Are we ready for the coming spate of debt crises?

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Debt bag and world globe on a balance scale.
Over the next 12 months, as many as a dozen developing economies could prove unable to service their debt.

Higher inflation. Slower growth. Tightening financial conditions.

In recent weeks, Russia’s invasion of Ukraine has exacerbated global economic risks.  There is a fourth element, however, that could make the mix combustible: the high debt of emerging markets and developing economies.

These economies account for about 40 percent of global GDP. On the eve of the war, many of them were already on shaky ground. Following up on a decade of rising debt, the COVID-19 crisis expanded total indebtedness to a 50-year high—the equivalent of more than 250 percent of government revenues. Close to 60 percent of the poorest countries were already in debt distress or at high risk of it. Debt-service burdens in middle-income countries were at 30-year highs. Oil prices were surging. And interest rates were rising across the world.

In such conditions, history shows, one more surprise is all it takes to touch off a crisis. The Ukraine war immediately darkened the outlook for many developing countries that are major commodity importers or highly dependent on tourism or remittances.  Across Africa, for example, external borrowing costs are rising: bond spreads are up by an average of 20 basis points. The calculus for countries for high debt, limited reserves, and payments coming up soon is suddenly very different: Sri Lanka, for example, opted last week to consider an International Monetary Fund-supported program in the face of a heavy debt service burden.

Over the next 12 months, as many as a dozen developing economies could prove unable to service their debt.  That’s a large number, but it would not constitute a systemic global debt crisis—it would be nothing like the Latin American debt crisis of the 1980s, for example. It would be nothing like the 30-plus cases of unsustainable debt that prompted the establishment of the Heavily Indebted Poor Countries Initiative (HIPC) in the mid-1990s. Yet it would still be significant—the largest spate of debt crises in developing economies in a generation.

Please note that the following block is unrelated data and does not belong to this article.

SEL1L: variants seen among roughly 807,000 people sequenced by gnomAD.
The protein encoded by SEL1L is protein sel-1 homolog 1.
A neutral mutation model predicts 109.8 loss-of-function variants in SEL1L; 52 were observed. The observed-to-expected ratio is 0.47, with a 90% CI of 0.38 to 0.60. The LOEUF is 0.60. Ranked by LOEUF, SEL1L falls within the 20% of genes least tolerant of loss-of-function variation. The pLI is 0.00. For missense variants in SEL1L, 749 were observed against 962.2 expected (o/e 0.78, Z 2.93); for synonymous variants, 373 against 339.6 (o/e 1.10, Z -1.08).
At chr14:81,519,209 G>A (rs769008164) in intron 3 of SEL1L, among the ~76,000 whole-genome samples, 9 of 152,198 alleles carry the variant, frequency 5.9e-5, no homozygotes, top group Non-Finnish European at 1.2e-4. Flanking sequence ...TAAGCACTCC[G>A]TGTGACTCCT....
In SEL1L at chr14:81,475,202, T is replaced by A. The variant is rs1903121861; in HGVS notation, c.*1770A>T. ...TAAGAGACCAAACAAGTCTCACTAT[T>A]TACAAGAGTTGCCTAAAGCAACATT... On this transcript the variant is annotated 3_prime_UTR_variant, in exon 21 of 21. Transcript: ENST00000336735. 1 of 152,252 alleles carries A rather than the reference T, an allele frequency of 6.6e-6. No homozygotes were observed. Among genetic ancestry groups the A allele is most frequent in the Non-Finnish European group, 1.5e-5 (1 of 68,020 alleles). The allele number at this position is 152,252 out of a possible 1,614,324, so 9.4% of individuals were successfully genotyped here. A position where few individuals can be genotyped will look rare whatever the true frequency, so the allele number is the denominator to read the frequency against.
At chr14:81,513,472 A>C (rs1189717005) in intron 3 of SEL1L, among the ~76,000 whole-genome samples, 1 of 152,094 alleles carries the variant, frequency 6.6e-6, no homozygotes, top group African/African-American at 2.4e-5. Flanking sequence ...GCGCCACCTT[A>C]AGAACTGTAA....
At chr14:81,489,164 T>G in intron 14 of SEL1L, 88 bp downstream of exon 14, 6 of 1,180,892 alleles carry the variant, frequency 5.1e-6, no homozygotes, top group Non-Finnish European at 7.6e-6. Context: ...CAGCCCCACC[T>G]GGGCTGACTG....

These crises, should they occur, would play out in a transformed landscape. Thirty years ago, developing economies owed most of their foreign debt to governments—official bilateral creditors—nearly all of whom were members of the Paris Club. Not so today: at the end of 2020, low- and middle-income economies owed five times as much to commercial creditors as they did to bilateral creditors.  This year, of the nearly $53 billion that low-income countries will need to make in debt-service payments on their public and publicly guaranteed debt, just $5 billion will go to Paris Club creditors. Much of the debt of developing economies, moreover, now involves variable interest rates — meaning they could rise almost as suddenly as rates on credit-card debt.

 



 

The main global mechanisms available today to tackle debt crises weren’t designed for these conditions. They must be updated.

The G20 has played a crucial role in this process over the past two years. With the arrival of COVID-19, at the urging of the World Bank and the IMF, the G20 moved swiftly to set up the Debt Service Suspension Initiative (DSSI). The initiative brought together Paris Club members as well as non-members to provide about $13 billion in suspension of debt payments for nearly 50 countries. But that was a temporary safety net that expired at the end of 2021, just as the COVID-19 economic recovery had begun to run out of steam.

Following the DSSI, the G20 established the Common Framework for Debt Treatments beyond the DSSI. So far, just three countries have applied and progress on restructuring their debts has been slow. That sends exactly the wrong signal to other countries with unsustainable debt, many of which have refrained from seeking the relief precisely because of the slow progress: they fear applying to the Common Framework would cut off their access to private capital without restoring the flow of bilateral credit.

As a practical matter, the Common Framework is the only game in town—and it can and must be improved in time to provide meaningful relief to countries that need it. The World Bank and the IMF have offered a roadmap:

  • First, establish a clear timeline for what should happen when in process: the creditors committee, for example ought to be formed within six weeks. 
  • Second, suspend—for the duration of the negotiations—debt-service payments to official creditors for all Common Framework applicants.
  • Third, assess the parameters and processes of the comparability of treatment and clarify the rules for its implementation.
  • And, fourth, expand the Common Framework’s eligibility requirements, which are currently limited to 73 of the poorest countries. They should be expanded to cover other highly indebted and vulnerable lower-middle-income countries as well.

For too long, the world has taken a tragically languorous approach to resolving debt crises in developing economies , delivering relief that is either too little or too late. It’s high time for a 21st century approach—one that involves pre-emption rather than reaction, one that prevents the crisis from erupting in the first place.

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